Elisabeth Kubler-Ross found that we typically go through five stages of grief when we find out we are dying, or a loved one is, and that the stages of grief also can apply to losses of other sorts. I see the grief cycle as it relates to the multitude of changes, losses and especially the sense of a loss control that are occurring now, and will continue to evolve as a result of the present pandemic.

Denial, Anger, Bargaining, Depression, Acceptance. They don’t necessarily have to go in that order, and you don’t have to go through all of the stages. 

Many of us went through denial and maybe still are as we began hearing about the virus, but felt it was in a distant place and wouldn’t affect us. Then a lot of people moved into anger at the directives that we had to cut March break vacations short, or cancel, and see a number of our normal routines and activities be curtailed. Bargaining is the third stage where we say to God or some higher power, or yourself, “Ok if I wash my hands a 100 times a day and I practice social distancing, everything will be ok in 14 days, and it will all go back to normal, right?” Depression deepens, if you already have a proclivity toward depression, but in terms of this model, for what we are collectively going through together, I would be more inclined to call it anxious sadness, caused by fear and anxiety as we question, When will this ever end? Will I die, or will a loved one die? This pandemic will bring up a lot of existential thoughts about the meaning and purpose of life. The last stage, and again you don’t have to necessarily go through this in this order is acceptance. This is when we truly understand that this is happening and we take stock and control of what we can to move forward into the new reality.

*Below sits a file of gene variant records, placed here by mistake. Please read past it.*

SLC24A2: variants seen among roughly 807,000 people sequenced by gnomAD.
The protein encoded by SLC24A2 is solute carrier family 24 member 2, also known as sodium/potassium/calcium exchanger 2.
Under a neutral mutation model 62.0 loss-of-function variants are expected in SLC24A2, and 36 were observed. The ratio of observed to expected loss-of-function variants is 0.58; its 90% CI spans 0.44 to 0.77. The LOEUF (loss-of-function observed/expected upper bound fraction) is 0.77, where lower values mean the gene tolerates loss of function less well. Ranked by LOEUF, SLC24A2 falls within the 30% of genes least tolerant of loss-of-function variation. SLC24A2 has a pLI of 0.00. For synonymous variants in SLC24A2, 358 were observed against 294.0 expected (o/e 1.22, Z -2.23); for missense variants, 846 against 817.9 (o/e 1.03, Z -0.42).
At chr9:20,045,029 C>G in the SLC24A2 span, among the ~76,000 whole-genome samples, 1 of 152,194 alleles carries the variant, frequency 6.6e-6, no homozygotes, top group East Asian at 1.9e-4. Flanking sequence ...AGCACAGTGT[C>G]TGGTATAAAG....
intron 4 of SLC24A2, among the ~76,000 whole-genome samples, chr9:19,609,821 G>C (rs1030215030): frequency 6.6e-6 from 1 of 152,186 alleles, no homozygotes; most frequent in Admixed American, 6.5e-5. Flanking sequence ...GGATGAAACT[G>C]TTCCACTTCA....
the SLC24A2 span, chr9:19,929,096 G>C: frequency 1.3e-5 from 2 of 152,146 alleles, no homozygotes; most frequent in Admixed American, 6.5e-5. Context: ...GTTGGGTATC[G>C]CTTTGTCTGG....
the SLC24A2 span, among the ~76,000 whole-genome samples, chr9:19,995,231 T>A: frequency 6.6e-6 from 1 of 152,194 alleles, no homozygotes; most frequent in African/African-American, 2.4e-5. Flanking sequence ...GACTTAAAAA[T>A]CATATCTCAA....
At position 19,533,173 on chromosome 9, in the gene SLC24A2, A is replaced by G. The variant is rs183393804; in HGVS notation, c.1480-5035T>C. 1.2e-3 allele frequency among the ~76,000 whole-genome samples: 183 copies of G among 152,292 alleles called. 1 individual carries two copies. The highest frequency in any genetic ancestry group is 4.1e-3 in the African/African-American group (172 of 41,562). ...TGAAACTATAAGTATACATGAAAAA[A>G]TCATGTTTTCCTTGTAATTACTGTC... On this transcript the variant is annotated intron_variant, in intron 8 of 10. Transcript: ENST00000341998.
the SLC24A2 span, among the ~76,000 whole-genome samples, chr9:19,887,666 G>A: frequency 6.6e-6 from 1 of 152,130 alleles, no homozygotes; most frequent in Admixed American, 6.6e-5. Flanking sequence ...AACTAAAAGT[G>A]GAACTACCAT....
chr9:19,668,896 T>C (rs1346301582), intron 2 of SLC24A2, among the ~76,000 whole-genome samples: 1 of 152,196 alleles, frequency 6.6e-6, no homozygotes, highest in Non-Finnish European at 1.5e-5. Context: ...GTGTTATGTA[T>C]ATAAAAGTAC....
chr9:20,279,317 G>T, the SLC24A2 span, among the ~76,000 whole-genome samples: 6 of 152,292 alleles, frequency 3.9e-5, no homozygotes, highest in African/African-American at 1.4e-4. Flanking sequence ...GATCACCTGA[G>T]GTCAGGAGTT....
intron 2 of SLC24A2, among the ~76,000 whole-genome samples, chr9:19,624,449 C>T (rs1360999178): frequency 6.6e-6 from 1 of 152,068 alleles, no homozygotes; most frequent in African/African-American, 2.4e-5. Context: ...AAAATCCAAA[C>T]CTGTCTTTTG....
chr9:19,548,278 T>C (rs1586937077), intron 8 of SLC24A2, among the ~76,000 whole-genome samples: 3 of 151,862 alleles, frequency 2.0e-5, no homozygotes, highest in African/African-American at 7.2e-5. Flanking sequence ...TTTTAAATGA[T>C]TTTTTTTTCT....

With the acceptance of our current reality, some control and personal power over the situation occurs. For me, I can decide to learn technology and work from home; I can wash my hands and use sanitizer; I can commit to staying isolated and social distance as long as necessary to flatten the curve. Those are things I can do right now, at this moment.  It is why AA is so successful, because in the acceptance that one has no power or control over the addictive substance, and faces the need to give it up, paradoxically control can come back into one’s life.

Buddhist philosophy says that suffering comes from two main places – dwelling on and trying to control the past, and dwelling on the future and trying to control that, neither of which is possible. All we really have is this moment and this moment only. If we are catastrophising or anticipating that Covid 19 is going to get the best of you, it is important to come back into the present moment, not go ‘future tripping’ as a young university student once said in the Mindfulness-Based Cognitive therapy group I co-facilitate. It is difficult, especially if you are like so many who are sensitive and have a natural tendency to worry.